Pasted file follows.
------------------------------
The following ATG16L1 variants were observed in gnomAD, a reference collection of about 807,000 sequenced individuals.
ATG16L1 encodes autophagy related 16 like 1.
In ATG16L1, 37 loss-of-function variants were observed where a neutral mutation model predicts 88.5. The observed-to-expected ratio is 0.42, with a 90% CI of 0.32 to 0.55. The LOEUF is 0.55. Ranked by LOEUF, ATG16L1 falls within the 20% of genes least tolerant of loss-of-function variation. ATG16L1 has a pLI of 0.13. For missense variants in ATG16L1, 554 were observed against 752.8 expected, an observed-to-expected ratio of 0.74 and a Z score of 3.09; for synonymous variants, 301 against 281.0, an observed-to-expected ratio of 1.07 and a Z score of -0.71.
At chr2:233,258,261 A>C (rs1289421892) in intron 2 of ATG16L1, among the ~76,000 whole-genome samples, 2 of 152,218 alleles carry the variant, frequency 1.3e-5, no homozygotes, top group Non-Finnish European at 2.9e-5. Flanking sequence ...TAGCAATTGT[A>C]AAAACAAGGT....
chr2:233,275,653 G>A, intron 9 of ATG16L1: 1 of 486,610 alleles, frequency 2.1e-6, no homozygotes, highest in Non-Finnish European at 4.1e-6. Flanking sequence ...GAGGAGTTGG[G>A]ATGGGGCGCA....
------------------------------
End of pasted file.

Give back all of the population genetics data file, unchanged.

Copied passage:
The following ATG16L1 variants were observed in gnomAD, a reference collection of about 807,000 sequenced individuals.
ATG16L1 encodes autophagy related 16 like 1.
In ATG16L1, 37 loss-of-function variants were observed where a neutral mutation model predicts 88.5. The observed-to-expected ratio is 0.42, with a 90% CI of 0.32 to 0.55. The LOEUF is 0.55. Ranked by LOEUF, ATG16L1 falls within the 20% of genes least tolerant of loss-of-function variation. ATG16L1 has a pLI of 0.13. For missense variants in ATG16L1, 554 were observed against 752.8 expected, an observed-to-expected ratio of 0.74 and a Z score of 3.09; for synonymous variants, 301 against 281.0, an observed-to-expected ratio of 1.07 and a Z score of -0.71.
At chr2:233,258,261 A>C (rs1289421892) in intron 2 of ATG16L1, among the ~76,000 whole-genome samples, 2 of 152,218 alleles carry the variant, frequency 1.3e-5, no homozygotes, top group Non-Finnish European at 2.9e-5. Flanking sequence ...TAGCAATTGT[A>C]AAAACAAGGT....
chr2:233,275,653 G>A, intron 9 of ATG16L1: 1 of 486,610 alleles, frequency 2.1e-6, no homozygotes, highest in Non-Finnish European at 4.1e-6. Flanking sequence ...GAGGAGTTGG[G>A]ATGGGGCGCA....